1185. Star Trek: Voyager Companion
PUBLICATION: Pocket Books, May 2003
CREATORS: Paul Ruditis
STARDATE: Covers all 7 seasons of Voyager
TOPIC: An episode guide that covers every episode of Voyager, plus information on the genesis of the show and the issues associated with each season, much like the Companions to previous series. Each episode has a list of characters and the actors who play them, a synopsis and trivia about the ship, other technology, people and places, the characters, and the production. Black and white photography is supplied for each and key moments and characters get their own articles either with brief interviews or episode lists that allow you to track any given concept through the series.
CONTINUITY: (Sing it with me) That's what it's allllll a-bout!
DIVERGENCES: None other than its format.
PICTURE OF THE WEEK - Well, at least SOMEone was happy about the finale.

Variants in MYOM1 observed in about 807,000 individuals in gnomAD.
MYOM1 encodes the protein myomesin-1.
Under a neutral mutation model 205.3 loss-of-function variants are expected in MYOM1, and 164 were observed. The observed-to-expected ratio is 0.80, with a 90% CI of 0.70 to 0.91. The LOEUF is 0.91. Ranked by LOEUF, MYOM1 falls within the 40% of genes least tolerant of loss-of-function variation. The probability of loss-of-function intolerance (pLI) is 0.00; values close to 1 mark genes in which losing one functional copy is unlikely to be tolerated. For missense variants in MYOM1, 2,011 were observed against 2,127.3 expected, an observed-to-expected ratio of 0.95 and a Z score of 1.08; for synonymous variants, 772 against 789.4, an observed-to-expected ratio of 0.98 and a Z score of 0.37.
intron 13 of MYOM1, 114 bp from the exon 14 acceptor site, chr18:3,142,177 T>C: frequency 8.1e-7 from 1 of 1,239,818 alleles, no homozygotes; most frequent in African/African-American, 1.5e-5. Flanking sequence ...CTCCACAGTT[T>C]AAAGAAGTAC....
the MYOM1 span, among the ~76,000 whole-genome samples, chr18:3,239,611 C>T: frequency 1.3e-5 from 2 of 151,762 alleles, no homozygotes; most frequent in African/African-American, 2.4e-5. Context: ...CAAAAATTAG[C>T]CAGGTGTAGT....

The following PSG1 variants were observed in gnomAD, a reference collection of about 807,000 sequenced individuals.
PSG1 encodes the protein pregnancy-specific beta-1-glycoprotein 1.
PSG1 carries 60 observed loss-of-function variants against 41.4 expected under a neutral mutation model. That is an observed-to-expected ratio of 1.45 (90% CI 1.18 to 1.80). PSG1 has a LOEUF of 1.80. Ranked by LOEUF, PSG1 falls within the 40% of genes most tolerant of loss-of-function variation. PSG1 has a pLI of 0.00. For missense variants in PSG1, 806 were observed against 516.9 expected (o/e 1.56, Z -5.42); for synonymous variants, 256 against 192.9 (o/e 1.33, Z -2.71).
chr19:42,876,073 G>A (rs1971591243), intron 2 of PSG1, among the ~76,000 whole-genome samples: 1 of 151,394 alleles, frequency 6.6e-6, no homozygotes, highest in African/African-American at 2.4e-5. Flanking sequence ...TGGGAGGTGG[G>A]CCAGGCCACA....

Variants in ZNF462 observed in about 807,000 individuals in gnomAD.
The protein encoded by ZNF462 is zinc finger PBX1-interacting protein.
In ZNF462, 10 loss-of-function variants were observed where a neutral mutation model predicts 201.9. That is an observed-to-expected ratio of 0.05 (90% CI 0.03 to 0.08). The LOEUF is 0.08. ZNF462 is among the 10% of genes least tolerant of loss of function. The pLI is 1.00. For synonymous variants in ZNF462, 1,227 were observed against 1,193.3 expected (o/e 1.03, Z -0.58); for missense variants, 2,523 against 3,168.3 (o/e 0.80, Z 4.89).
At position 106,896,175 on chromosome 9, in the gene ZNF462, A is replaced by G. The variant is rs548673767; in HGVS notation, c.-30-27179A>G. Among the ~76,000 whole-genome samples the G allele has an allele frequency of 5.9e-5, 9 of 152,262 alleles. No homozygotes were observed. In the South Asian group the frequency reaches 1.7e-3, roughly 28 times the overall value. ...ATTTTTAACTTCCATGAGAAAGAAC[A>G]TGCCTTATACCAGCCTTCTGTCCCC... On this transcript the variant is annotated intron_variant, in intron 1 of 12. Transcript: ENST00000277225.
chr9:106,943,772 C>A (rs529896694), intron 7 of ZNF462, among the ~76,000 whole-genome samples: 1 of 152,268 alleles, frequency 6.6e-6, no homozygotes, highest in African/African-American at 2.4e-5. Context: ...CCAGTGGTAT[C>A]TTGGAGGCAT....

REVIEW: Though it enjoys even better paper quality than the DS9 Companion, everything else seems to be in regression. I wouldn't even call it as good as the TOS and TNG books. In short, where is the insight into the series?! The Voyager Companion sacrifices the interview style of its nearest neighbor in favor of technobabble-driven trivia (appropriate, but still...). After the synopsis, we start with "Sensor Readings", which is just technobabble like it being difficult to replicate polyduranide. Then come Damage and Medical Reports - who got shot, what bit of Voyager was damaged (not that it wasn't fixed by the next episode) - and a Shuttle Tracker which gave me less joy than I would have thought. Similar lines of trivia are given about the Delta and Alpha Quadrants, then the characters and finally, very brief info on the production, which may only amount to "we'll see that character again in X". Even the many articles that pepper the book are low on production tales, instead too often opting to repeat information from elsewhere in the guide. Unlike its predecessors, the Voyager Companion looks like an unauthorized project, only really using information from the televised episodes and almost never going to the source. Well, I watched Voyager and didn't particularly enjoy it. I don't need to read the same insipid stuff with neither commentary nor behind the scenes information. And that, ladies and gentlemen, is probably why the book looks so pristine on my shelf compared to the others. There's no way I read it cover to cover. In fact, I'd forgotten I owned it.